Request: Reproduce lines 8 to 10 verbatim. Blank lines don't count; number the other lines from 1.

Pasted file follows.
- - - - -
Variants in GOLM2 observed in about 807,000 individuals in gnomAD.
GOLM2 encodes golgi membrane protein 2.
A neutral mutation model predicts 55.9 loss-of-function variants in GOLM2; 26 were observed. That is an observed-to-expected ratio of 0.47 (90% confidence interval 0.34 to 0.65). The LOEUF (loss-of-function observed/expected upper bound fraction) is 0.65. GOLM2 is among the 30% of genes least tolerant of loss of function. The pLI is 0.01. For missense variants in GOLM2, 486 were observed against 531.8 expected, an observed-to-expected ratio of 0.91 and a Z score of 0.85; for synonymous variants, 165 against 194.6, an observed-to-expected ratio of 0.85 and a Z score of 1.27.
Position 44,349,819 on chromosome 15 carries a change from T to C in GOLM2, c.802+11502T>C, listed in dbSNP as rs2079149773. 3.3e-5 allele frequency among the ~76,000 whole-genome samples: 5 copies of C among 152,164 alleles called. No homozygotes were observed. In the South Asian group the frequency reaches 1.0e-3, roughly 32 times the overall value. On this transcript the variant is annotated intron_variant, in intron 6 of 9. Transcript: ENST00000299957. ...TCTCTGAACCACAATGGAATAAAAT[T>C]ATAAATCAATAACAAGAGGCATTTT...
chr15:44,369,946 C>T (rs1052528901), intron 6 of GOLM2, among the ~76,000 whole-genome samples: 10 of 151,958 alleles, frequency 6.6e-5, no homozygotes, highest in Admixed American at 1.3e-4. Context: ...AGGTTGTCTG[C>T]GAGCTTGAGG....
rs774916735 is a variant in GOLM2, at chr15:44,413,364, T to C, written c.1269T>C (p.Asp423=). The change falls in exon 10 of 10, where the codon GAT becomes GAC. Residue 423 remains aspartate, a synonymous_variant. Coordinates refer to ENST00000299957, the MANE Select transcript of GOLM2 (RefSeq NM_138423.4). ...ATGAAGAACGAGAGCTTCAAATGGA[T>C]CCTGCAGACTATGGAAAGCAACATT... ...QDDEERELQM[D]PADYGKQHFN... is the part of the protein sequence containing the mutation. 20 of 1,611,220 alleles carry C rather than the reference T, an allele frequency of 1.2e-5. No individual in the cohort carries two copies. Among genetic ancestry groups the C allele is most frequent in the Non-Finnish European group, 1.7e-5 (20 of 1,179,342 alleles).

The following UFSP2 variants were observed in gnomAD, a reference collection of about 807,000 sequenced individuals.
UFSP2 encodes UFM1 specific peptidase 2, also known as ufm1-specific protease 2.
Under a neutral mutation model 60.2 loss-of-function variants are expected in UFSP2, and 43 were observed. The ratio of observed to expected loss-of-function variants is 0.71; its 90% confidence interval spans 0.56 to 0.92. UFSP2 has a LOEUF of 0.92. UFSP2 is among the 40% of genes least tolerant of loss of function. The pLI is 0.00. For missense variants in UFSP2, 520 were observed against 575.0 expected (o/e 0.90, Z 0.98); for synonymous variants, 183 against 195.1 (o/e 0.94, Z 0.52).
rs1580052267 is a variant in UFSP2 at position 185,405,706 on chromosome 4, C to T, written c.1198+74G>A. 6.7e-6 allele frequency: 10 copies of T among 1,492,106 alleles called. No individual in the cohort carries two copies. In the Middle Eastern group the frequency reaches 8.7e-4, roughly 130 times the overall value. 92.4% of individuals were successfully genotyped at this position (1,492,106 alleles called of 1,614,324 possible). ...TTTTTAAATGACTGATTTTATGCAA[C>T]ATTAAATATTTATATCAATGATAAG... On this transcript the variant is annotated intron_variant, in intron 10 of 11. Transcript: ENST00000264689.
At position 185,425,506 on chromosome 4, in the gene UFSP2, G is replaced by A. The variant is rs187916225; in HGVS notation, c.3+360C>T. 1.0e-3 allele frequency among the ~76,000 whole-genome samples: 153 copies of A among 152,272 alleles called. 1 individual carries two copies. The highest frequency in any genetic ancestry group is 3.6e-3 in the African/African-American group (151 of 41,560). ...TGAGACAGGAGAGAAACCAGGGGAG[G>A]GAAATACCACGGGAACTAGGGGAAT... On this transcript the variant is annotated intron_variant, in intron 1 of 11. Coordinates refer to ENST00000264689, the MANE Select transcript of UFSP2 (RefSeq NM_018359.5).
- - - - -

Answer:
UFSP2 encodes UFM1 specific peptidase 2, also known as ufm1-specific protease 2.
Under a neutral mutation model 60.2 loss-of-function variants are expected in UFSP2, and 43 were observed. The ratio of observed to expected loss-of-function variants is 0.71; its 90% confidence interval spans 0.56 to 0.92. UFSP2 has a LOEUF of 0.92. UFSP2 is among the 40% of genes least tolerant of loss of function. The pLI is 0.00. For missense variants in UFSP2, 520 were observed against 575.0 expected (o/e 0.90, Z 0.98); for synonymous variants, 183 against 195.1 (o/e 0.94, Z 0.52).
rs1580052267 is a variant in UFSP2 at position 185,405,706 on chromosome 4, C to T, written c.1198+74G>A. 6.7e-6 allele frequency: 10 copies of T among 1,492,106 alleles called. No individual in the cohort carries two copies. In the Middle Eastern group the frequency reaches 8.7e-4, roughly 130 times the overall value. 92.4% of individuals were successfully genotyped at this position (1,492,106 alleles called of 1,614,324 possible). ...TTTTTAAATGACTGATTTTATGCAA[C>T]ATTAAATATTTATATCAATGATAAG... On this transcript the variant is annotated intron_variant, in intron 10 of 11. Transcript: ENST00000264689.